Inmates at an Ohio prison managed to build two makeshift computers out of discarded parts and perform a litany of illegal activities for several months before getting caught over an obvious flaw in their plan: bandwidth overages.
A report released last week from the Ohio Office of the Inspector General lays out how in 2015, staff at the Marion Correctional Institution — a medium-security prison in Marion County — discovered two computers hidden in the ceiling of a closet in a training room. The report claims the computers were built piecemeal by two inmates named Scott Spriggs and Adam Johnston, who had acquired the parts through a labor program called RET3 that employs inmates to disassemble out-of-date computer hard drives and other obsolete technology.
Using the stolen credentials of a prison sub-contractor named Randy Canterbury, Johnston was able to connect to the Ohio Department of Rehabilitation and Correction (ODRC) network and also get online. So what exactly do you get up to when you have unlimited secret access to the internet from prison?
Once the PCs were discovered, a forensic analysis of the computers’ hard drives elicited evidence of a slew of downloaded VPN software, tools for finding security vulnerabilities, and password cracking and generally just a “large hacker’s toolkit” for “malicious activity.”
Inmates appeared to be conducting attacks against the ODRC network using proxy machines that were connected to the inmate and department networks.”
Ohio Office of the Inspector General report
Analysis also discovered articles about making homemade drugs, plastics, explosives, and credit cards. “Findings of bitcoin wallets, Stripe accounts, bank accounts, and credit card accounts point toward possible identity fraud, along with other possible cyber crimes,” the report reads.
Johnston admitted to investigators that he had accessed a Bloomberg article (maybe this one?) explaining how one can submit fraudulent tax returns and arrange to have the refunds loaded onto debit cards.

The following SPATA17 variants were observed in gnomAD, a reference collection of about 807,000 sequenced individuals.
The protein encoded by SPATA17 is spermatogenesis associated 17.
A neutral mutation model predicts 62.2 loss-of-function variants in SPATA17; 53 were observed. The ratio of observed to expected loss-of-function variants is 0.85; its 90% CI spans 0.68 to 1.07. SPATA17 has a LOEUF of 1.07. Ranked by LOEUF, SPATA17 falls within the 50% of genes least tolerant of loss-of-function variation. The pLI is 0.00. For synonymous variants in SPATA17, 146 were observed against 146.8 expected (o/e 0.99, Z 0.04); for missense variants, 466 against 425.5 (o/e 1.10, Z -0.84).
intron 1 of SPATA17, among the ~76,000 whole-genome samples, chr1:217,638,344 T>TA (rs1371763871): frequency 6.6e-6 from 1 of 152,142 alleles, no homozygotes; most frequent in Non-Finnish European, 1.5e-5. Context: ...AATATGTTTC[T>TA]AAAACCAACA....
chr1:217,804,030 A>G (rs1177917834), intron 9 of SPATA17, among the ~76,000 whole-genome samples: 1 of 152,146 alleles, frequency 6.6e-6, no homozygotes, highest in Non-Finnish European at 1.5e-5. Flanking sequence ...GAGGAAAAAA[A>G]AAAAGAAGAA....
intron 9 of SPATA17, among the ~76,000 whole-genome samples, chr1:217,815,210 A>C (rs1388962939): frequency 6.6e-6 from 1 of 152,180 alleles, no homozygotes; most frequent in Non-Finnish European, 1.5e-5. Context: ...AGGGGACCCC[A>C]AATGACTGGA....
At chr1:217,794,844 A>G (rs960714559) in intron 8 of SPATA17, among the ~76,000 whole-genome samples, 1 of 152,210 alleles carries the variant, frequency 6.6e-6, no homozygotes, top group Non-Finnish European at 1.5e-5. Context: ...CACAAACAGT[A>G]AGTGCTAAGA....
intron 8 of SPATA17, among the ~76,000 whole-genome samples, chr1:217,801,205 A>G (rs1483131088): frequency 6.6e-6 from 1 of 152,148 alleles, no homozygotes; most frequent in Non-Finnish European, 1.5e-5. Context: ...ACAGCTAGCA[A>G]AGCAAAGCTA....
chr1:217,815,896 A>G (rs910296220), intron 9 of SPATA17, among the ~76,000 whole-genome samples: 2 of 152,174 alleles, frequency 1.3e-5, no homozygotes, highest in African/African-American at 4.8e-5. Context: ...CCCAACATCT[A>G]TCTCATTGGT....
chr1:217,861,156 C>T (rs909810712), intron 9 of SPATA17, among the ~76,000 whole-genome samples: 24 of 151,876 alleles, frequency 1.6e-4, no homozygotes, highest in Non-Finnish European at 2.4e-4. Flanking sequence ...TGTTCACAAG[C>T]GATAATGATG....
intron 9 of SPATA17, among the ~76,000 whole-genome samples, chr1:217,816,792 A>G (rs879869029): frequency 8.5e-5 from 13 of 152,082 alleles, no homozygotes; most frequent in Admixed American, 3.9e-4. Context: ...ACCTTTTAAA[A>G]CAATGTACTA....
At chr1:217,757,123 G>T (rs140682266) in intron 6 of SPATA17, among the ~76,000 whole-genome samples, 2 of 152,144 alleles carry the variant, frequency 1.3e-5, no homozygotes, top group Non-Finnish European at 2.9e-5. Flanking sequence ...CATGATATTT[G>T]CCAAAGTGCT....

Through the Department Offender Tracking System, he found the social security number and date of birth of an inmate whom he had never met named Kyle Patrick and submitted online credit and debit card applications in his name. The cards were to be sent to an address across the street from the house of Johnston’s mother, Karen Gallienne.
According to an interview with Gallienne she believed Johnston was intending to forward her money.
“He was gonna try and put some money on it so he could give me money… help me out.”
Karen Gallienne, mother of inmate Adam Johnston, Ohio Office of the Inspector General report
Analysis also determined that access passes were granted to multiple inmates, allowing them to gain entrance to various parts of the Marion Correctional Institution. Inmates’ personal information, such as disciplinary records, sentencing data, and locations were also accessed.
Johnston also admitted to being responsible for downloading pornography found on a thumb drive in the possession of another inmate. This inmate claimed the thumb drive also contained full movies, TV series and music, which he would then sell to other inmates.
In what feels like a rather anticlimactic twist, what ended up tipping off ODRC to all this nefarious activity was a notification that a computer using Ray Canterbury’s log-in credentials had exceeded its daily bandwidth — on a Friday. Canterbury’s work week was Monday through Thursday.